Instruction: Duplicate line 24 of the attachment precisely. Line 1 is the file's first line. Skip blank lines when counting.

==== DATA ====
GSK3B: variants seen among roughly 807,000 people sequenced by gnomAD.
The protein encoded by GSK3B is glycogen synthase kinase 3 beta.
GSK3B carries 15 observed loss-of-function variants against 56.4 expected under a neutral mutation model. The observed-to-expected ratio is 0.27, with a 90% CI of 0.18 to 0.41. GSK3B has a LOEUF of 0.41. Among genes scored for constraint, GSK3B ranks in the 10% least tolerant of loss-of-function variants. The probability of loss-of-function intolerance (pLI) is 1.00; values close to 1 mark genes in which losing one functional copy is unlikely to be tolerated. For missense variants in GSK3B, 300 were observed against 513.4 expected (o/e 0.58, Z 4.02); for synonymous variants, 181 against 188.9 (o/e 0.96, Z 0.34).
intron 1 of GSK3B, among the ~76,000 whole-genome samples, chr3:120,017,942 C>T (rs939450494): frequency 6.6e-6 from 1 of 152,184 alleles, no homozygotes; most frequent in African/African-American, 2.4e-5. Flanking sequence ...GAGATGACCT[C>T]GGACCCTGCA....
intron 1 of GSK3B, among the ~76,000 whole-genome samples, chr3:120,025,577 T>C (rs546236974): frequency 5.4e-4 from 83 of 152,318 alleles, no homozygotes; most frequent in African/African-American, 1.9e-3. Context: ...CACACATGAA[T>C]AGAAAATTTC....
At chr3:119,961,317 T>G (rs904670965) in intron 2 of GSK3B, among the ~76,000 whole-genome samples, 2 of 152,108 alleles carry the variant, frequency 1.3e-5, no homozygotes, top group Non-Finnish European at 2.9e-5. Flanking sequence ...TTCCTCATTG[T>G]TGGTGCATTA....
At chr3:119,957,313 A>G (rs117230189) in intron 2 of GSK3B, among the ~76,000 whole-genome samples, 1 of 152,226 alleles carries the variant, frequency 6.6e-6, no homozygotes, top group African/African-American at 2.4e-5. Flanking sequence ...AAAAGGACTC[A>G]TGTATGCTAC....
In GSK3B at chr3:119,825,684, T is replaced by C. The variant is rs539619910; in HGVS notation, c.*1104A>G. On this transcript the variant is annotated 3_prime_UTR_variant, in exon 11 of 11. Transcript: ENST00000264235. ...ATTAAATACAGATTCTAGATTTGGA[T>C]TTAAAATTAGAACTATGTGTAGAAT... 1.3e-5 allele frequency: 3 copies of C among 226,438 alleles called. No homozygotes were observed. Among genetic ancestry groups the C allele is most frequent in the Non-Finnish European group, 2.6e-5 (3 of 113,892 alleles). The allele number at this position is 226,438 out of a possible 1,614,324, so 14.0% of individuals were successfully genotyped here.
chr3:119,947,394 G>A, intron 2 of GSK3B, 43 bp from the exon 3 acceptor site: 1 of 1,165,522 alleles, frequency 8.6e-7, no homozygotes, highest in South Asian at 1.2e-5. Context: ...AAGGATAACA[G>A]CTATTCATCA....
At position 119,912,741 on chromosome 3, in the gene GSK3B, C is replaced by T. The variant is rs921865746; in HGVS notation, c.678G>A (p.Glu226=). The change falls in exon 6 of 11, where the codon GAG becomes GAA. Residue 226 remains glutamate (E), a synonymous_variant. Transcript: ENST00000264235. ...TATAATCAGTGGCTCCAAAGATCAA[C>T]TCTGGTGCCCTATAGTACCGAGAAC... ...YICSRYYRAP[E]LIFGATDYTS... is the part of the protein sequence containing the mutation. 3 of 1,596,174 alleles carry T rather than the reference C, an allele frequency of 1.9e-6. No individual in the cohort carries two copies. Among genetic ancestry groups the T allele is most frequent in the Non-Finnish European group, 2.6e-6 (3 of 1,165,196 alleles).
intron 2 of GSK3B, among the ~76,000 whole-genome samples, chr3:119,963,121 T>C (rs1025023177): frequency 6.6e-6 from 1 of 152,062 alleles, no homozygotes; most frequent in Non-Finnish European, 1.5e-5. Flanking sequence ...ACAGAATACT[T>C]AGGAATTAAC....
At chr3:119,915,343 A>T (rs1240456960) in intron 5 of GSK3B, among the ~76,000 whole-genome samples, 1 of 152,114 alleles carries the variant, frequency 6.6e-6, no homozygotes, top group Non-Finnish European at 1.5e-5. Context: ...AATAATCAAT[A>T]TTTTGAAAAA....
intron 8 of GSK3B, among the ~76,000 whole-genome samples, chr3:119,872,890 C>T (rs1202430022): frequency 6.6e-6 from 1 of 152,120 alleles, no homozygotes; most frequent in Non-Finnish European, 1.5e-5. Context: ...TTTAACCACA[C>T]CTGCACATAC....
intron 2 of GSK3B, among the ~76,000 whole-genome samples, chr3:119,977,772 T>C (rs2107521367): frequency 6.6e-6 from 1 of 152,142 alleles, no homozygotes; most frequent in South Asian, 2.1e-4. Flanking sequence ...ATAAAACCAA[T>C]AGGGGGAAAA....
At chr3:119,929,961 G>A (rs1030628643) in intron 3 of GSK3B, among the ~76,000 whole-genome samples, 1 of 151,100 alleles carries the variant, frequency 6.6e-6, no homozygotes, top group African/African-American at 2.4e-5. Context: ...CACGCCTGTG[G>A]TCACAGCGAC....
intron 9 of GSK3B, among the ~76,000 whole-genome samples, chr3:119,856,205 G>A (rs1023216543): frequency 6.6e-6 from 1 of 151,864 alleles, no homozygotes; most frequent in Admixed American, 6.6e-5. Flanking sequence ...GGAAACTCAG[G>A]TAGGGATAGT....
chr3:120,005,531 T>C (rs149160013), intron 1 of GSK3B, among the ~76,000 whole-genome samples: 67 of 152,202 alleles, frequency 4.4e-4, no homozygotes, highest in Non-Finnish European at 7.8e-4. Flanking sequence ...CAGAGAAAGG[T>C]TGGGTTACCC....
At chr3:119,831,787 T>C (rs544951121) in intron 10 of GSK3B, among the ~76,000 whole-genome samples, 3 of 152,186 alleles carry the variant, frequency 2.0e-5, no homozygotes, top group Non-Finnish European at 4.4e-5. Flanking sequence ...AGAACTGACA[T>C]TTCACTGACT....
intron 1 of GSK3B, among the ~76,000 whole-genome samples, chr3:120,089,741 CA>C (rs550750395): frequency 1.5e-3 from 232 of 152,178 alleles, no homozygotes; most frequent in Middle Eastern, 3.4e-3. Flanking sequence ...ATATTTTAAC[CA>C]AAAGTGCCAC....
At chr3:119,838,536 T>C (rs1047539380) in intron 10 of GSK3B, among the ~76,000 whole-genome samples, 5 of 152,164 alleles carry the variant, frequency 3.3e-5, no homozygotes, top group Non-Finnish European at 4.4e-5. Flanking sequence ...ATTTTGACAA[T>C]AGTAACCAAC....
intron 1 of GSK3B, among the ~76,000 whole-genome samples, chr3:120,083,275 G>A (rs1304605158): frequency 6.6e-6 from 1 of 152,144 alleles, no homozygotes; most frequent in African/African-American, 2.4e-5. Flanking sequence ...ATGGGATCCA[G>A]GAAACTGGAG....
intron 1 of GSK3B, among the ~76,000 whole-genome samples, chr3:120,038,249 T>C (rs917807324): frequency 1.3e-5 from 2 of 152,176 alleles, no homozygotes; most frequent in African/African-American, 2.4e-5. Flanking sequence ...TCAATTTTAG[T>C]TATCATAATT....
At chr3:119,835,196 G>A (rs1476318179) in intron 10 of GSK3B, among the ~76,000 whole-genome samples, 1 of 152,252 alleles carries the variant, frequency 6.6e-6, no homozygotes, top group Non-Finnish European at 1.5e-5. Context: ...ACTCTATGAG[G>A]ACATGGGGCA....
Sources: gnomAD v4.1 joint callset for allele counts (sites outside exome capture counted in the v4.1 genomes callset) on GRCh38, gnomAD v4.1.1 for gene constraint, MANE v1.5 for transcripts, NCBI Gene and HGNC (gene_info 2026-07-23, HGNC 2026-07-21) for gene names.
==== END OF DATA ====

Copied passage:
Sources: gnomAD v4.1 joint callset for allele counts (sites outside exome capture counted in the v4.1 genomes callset) on GRCh38, gnomAD v4.1.1 for gene constraint, MANE v1.5 for transcripts, NCBI Gene and HGNC (gene_info 2026-07-23, HGNC 2026-07-21) for gene names.